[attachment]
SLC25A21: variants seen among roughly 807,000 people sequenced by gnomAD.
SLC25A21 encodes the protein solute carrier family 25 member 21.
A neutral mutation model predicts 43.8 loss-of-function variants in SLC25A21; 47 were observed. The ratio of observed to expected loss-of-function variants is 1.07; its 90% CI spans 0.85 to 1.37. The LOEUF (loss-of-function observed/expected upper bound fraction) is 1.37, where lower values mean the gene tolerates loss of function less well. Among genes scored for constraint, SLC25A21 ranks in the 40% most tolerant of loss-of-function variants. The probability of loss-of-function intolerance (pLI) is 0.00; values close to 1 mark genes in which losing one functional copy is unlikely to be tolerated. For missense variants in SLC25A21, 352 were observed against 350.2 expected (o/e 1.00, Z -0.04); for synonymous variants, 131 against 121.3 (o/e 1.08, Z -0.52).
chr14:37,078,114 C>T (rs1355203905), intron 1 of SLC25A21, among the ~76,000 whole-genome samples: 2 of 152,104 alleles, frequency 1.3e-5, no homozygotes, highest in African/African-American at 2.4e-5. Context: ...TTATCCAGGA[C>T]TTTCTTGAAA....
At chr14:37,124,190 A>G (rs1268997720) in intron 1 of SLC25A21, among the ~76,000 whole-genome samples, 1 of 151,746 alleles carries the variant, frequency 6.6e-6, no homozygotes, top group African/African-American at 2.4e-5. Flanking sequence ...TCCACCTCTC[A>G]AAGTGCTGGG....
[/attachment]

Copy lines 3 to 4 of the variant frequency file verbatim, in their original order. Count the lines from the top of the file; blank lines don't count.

A neutral mutation model predicts 43.8 loss-of-function variants in SLC25A21; 47 were observed. The ratio of observed to expected loss-of-function variants is 1.07; its 90% CI spans 0.85 to 1.37. The LOEUF (loss-of-function observed/expected upper bound fraction) is 1.37, where lower values mean the gene tolerates loss of function less well. Among genes scored for constraint, SLC25A21 ranks in the 40% most tolerant of loss-of-function variants. The probability of loss-of-function intolerance (pLI) is 0.00; values close to 1 mark genes in which losing one functional copy is unlikely to be tolerated. For missense variants in SLC25A21, 352 were observed against 350.2 expected (o/e 1.00, Z -0.04); for synonymous variants, 131 against 121.3 (o/e 1.08, Z -0.52).
chr14:37,078,114 C>T (rs1355203905), intron 1 of SLC25A21, among the ~76,000 whole-genome samples: 2 of 152,104 alleles, frequency 1.3e-5, no homozygotes, highest in African/African-American at 2.4e-5. Context: ...TTATCCAGGA[C>T]TTTCTTGAAA....